Reviewed by Andrea essay writing service
The Clayton Community Theatre has performed some challenging material in the past and will do so again when they kick off the 2008-09 series with Shakespeare's Measure for Measure
. The Curious Savage
, by contrast, has been a staple of amateur players for years (I was in the cast in high school. Weren't you?) Savage
is a comedy with a message, a sort of One Half Flew Over the Cuckoo's Nest
. Written over 50 years ago, its age shows. Some plays are antiques that gain value with time; others are like avocado green appliances. They still work, but they just don't look very good. The Curious Savage
, then, is your Nana's refrigerator.
CCT's space on the Concordia Seminary Campus is big and that's important in this show, since so many are often on stage at the same time. The (mostly) early American furnishings look appropriate for the period, as do some of the costumes. There's no subtlety in the lighting, but maybe that's intentional, since the point of the play is to see oneself as one really is. And, through her interaction with a sympathetic doctor (Robert Beck), nurse (Talichia Noah) and fellow patients, Mrs. Ethel P. Savage (Jeanne Seibel) ultimately does see the light.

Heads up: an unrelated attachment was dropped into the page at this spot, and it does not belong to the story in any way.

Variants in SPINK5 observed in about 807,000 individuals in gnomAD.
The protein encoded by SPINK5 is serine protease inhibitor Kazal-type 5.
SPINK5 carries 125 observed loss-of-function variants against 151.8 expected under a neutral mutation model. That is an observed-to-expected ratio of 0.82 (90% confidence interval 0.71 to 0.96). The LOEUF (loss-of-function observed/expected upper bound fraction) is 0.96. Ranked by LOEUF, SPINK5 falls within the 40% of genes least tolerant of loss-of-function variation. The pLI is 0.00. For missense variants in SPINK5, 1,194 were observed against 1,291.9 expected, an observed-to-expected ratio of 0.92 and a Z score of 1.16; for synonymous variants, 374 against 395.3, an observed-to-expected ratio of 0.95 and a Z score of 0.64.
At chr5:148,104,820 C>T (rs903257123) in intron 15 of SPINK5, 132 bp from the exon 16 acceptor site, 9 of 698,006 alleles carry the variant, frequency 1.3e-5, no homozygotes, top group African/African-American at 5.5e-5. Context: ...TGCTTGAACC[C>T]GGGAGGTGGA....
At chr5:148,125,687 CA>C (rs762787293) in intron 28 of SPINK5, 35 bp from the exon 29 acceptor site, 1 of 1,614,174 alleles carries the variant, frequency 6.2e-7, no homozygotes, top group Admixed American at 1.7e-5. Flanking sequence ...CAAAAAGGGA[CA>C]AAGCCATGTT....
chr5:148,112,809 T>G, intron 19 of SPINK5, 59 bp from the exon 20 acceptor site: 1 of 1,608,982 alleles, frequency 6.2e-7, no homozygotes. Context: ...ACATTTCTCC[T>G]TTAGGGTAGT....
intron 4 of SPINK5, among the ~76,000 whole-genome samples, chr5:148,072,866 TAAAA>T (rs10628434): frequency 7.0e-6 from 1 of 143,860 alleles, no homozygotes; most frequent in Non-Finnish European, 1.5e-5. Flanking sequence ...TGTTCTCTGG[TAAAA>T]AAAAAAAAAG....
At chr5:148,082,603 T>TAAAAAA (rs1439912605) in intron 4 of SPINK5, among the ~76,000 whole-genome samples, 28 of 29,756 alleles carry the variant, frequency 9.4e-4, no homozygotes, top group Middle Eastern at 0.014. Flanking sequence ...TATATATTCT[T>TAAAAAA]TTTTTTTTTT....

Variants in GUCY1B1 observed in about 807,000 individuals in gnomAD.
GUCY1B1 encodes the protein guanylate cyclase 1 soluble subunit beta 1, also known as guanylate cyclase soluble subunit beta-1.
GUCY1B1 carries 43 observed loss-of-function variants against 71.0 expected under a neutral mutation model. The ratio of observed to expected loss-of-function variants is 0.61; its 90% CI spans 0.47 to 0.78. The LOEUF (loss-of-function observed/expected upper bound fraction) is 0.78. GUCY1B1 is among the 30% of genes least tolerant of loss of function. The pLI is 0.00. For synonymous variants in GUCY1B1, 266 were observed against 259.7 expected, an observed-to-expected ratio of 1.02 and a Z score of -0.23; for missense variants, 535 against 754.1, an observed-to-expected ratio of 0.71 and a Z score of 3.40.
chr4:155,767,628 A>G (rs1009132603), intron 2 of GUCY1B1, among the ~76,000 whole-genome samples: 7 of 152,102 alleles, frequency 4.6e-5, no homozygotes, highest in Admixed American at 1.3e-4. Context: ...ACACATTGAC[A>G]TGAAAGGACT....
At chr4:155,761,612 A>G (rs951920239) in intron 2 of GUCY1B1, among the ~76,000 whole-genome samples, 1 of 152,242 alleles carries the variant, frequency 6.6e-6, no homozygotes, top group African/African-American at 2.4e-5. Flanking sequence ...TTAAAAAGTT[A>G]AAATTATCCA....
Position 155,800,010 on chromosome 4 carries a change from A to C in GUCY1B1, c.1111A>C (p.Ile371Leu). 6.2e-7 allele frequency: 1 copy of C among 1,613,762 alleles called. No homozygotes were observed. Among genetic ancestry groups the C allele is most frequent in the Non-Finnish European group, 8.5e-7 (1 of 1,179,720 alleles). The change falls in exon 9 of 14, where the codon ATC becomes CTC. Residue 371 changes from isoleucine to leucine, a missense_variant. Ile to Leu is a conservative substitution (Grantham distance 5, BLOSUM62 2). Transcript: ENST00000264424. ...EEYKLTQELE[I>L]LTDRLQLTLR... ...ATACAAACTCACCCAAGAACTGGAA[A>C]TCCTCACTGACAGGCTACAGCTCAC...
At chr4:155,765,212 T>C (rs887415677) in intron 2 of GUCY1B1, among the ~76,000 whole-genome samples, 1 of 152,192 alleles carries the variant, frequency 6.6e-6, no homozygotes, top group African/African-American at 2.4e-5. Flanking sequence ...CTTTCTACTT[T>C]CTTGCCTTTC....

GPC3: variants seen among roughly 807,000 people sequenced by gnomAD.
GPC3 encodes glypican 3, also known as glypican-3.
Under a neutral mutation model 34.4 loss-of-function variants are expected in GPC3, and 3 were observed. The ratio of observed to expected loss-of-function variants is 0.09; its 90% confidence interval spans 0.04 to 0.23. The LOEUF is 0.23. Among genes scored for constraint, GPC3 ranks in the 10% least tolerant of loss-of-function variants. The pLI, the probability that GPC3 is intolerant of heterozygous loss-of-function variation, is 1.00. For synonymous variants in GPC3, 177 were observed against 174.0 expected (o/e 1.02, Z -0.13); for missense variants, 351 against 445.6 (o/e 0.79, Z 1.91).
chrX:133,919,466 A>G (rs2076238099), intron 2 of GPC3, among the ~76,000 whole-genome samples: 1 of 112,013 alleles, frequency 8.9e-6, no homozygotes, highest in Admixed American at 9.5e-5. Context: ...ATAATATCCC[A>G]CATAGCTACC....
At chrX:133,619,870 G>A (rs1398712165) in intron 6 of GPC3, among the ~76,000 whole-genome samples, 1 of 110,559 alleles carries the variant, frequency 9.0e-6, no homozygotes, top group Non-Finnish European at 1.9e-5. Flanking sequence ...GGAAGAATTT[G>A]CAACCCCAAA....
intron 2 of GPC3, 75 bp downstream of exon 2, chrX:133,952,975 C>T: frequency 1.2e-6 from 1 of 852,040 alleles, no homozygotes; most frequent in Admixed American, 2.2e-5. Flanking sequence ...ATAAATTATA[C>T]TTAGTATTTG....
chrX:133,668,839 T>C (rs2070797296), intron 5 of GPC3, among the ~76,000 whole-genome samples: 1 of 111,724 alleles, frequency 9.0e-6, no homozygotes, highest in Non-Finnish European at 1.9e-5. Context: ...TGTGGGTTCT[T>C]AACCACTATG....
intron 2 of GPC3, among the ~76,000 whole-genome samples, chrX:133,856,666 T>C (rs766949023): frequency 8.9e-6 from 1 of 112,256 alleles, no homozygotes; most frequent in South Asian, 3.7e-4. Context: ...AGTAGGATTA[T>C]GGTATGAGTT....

Mrs. Savage is improbably committed to The Cloisters, a mental health facility by her three greedy stereotypes, I mean "stepchildren," the much-married Lily Belle (Andrea Busch) ineffectual Senator Titus Savage (Nigel Cooney) and hapless Judge Samuel Savage (Jonathan Allen) whose decisions are nearly always reversed. All three are too young for their parts. Mrs. Savage meets her compatriots, flighty Fairy May (June Smailys) damaged Jeffrey (Tawaine Noah), grieving Florence (Vanessa Revard Roman) and deluded Hannibal (Mike Van Allen). And then there is Mrs. Paddy (Beth Kuppinger) whose role is small but pivotal.
Mrs. Savage's late husband left her his entire $10 million estate, and the "children" want to get their grubby hands on it, so they've put Mrs. Savage away for reasons seemingly based solely on eccentric behavior, such as her giving people money to fulfill their dreams. And what Mrs. Savage finds at The Cloisters are not lunatics but dreamers, each disappointed by life, and now "cloistered" from it.
There are too many flubbed lines and the pacing seems off. The production is mannered and stagy. These flaws help undermine what little credibility the play might retain. In the Director's Notes, Joe Wegensheide actually dismisses the plot and says he has focused on " the brightness of the characters and the honesty of their relationships." In some scenes, that happens; too much of the time, it does not.
I don't mean to "savage" The Curious Savage. The audience of 30 or so people I saw seemed to enjoy themselves. The play is safe and retains a kind of quirky humor. Mrs. Savage is one of those loveable eccentrics in the tradition of Arsenic and Old Lace and Harvey. If these are to your taste, then you'll have a good time.
For tickets, call 314-721-9228.